by Stefan Stanford, All News Pipeline
- As One State Governor Admits Weather Modification Program - A 'Conspiracy Theory' No Longer
According to this August 15th of 2016 story from the NY Times called "Scientists Just Say No to 'Chemtrails' Conspiracy Theory", "conspiracy theories (sic) can be stubborn, particularly in the echo chamber of the internet". The website Snopes has consistently tagged 'chemtrails' under 'fake news'. Back in March of 2015, the Environmental Protection Agency here in the US even weighed in, "reminding the public that the 'chemtrails' conspiracy theory on aircraft emissions just isn't true". In a new story from The Independent,the managing editor just published a story titled "From The Editor: Can We Stop With The Stupid Conspiracy Theories?" which also attempted to trash the 'chemtrails conspiracy theory' and those who believe it. And in a recent poll done by the Spokesman Review, more than 76% of those polled claimed 'chemtrails' don't even exist.
And while a brand new Hollywood movie coming out in October takes a look at the end of the world brought on by weather modificationas shared in much more detail below, it's clear that none of the above has read this new story from West Dakota Fox within which we learn North Dakota governor Doug Burgum met with a bunch of farmers who were concerned about a prolonged drought that could affect the state for years to come. The next entry seen below taken from that Fox News mainstream media story should be the information that slays the credibility of the likes of the NY Times, Snopes and the Independent forever as long as they keep on calling chemtrails 'fake news'.:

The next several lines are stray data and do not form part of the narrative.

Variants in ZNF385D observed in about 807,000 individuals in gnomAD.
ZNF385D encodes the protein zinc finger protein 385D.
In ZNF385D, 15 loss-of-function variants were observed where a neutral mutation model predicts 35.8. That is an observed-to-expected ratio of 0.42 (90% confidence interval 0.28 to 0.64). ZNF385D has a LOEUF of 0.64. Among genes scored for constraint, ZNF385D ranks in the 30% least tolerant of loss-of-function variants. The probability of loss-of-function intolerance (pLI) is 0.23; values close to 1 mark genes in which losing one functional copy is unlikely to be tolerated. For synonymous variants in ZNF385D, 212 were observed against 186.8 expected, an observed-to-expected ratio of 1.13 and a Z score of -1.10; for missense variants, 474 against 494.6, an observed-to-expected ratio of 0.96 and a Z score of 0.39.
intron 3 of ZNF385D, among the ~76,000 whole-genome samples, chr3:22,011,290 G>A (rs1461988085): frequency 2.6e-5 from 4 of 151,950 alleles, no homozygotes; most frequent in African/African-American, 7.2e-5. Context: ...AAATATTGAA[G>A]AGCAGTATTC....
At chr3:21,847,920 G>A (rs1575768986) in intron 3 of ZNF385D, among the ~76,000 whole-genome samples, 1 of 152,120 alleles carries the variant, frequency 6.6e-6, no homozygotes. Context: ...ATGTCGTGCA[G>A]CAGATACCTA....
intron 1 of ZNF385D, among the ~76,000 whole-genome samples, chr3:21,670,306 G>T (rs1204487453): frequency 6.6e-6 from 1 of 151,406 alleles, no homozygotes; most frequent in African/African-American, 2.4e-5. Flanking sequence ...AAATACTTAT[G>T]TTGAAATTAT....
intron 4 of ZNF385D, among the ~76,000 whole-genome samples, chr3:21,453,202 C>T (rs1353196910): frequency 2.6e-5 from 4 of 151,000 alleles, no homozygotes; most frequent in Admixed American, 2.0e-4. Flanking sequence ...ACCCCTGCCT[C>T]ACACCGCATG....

One of the most contested topics of the night was the cloud seeding program that has been going on in North Dakota for more than 50 years.
"Last night, the planes got out late, they didn't get to fly. Southern areas of Adams County all the way across the state picked up rain," said one of theattendees.
Governor Burgum says going over the data to see the effect of cloud seeding is an option.
"You know, is it effective or is it detrimental? And if it's having an effect, does it create winners and losers? And this is certainly something we got to go back and take a look at," said Gov. Burgum.
According to the Water Commission, cloud seeding has led to a 45 percent reduction in crop hail losses.
The latest U.S. Drought Monitor shows more than 35 percent of North Dakota in extreme drought.
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